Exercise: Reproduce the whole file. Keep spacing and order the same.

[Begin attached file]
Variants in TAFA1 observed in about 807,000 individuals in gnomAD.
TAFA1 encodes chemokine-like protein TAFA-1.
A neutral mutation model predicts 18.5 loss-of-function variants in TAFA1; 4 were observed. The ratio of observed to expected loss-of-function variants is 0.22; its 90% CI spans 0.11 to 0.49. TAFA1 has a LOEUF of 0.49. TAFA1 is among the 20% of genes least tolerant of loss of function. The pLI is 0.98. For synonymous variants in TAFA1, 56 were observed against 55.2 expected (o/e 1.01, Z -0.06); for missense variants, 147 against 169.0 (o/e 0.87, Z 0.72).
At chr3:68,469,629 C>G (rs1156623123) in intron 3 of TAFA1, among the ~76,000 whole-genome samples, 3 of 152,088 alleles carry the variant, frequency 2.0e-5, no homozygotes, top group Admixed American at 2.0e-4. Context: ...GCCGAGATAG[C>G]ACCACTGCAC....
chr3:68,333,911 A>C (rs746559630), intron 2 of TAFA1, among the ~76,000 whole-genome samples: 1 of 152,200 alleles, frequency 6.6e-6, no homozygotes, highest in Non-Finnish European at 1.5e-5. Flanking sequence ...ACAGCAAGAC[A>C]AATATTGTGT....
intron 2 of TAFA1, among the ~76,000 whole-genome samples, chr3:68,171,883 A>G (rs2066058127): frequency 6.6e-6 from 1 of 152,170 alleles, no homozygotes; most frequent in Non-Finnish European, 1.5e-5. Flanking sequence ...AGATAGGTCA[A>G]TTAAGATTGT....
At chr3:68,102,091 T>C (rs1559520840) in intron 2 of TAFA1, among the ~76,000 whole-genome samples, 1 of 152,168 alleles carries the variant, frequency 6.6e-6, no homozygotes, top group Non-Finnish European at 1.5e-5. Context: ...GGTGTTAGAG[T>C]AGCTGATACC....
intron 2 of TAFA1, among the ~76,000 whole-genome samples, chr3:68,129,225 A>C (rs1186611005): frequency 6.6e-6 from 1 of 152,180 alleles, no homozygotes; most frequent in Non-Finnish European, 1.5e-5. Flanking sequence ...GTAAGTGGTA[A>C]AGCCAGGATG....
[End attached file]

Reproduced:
Variants in TAFA1 observed in about 807,000 individuals in gnomAD.
TAFA1 encodes chemokine-like protein TAFA-1.
A neutral mutation model predicts 18.5 loss-of-function variants in TAFA1; 4 were observed. The ratio of observed to expected loss-of-function variants is 0.22; its 90% CI spans 0.11 to 0.49. TAFA1 has a LOEUF of 0.49. TAFA1 is among the 20% of genes least tolerant of loss of function. The pLI is 0.98. For synonymous variants in TAFA1, 56 were observed against 55.2 expected (o/e 1.01, Z -0.06); for missense variants, 147 against 169.0 (o/e 0.87, Z 0.72).
At chr3:68,469,629 C>G (rs1156623123) in intron 3 of TAFA1, among the ~76,000 whole-genome samples, 3 of 152,088 alleles carry the variant, frequency 2.0e-5, no homozygotes, top group Admixed American at 2.0e-4. Context: ...GCCGAGATAG[C>G]ACCACTGCAC....
chr3:68,333,911 A>C (rs746559630), intron 2 of TAFA1, among the ~76,000 whole-genome samples: 1 of 152,200 alleles, frequency 6.6e-6, no homozygotes, highest in Non-Finnish European at 1.5e-5. Flanking sequence ...ACAGCAAGAC[A>C]AATATTGTGT....
intron 2 of TAFA1, among the ~76,000 whole-genome samples, chr3:68,171,883 A>G (rs2066058127): frequency 6.6e-6 from 1 of 152,170 alleles, no homozygotes; most frequent in Non-Finnish European, 1.5e-5. Flanking sequence ...AGATAGGTCA[A>G]TTAAGATTGT....
At chr3:68,102,091 T>C (rs1559520840) in intron 2 of TAFA1, among the ~76,000 whole-genome samples, 1 of 152,168 alleles carries the variant, frequency 6.6e-6, no homozygotes, top group Non-Finnish European at 1.5e-5. Context: ...GGTGTTAGAG[T>C]AGCTGATACC....
intron 2 of TAFA1, among the ~76,000 whole-genome samples, chr3:68,129,225 A>C (rs1186611005): frequency 6.6e-6 from 1 of 152,180 alleles, no homozygotes; most frequent in Non-Finnish European, 1.5e-5. Flanking sequence ...GTAAGTGGTA[A>C]AGCCAGGATG....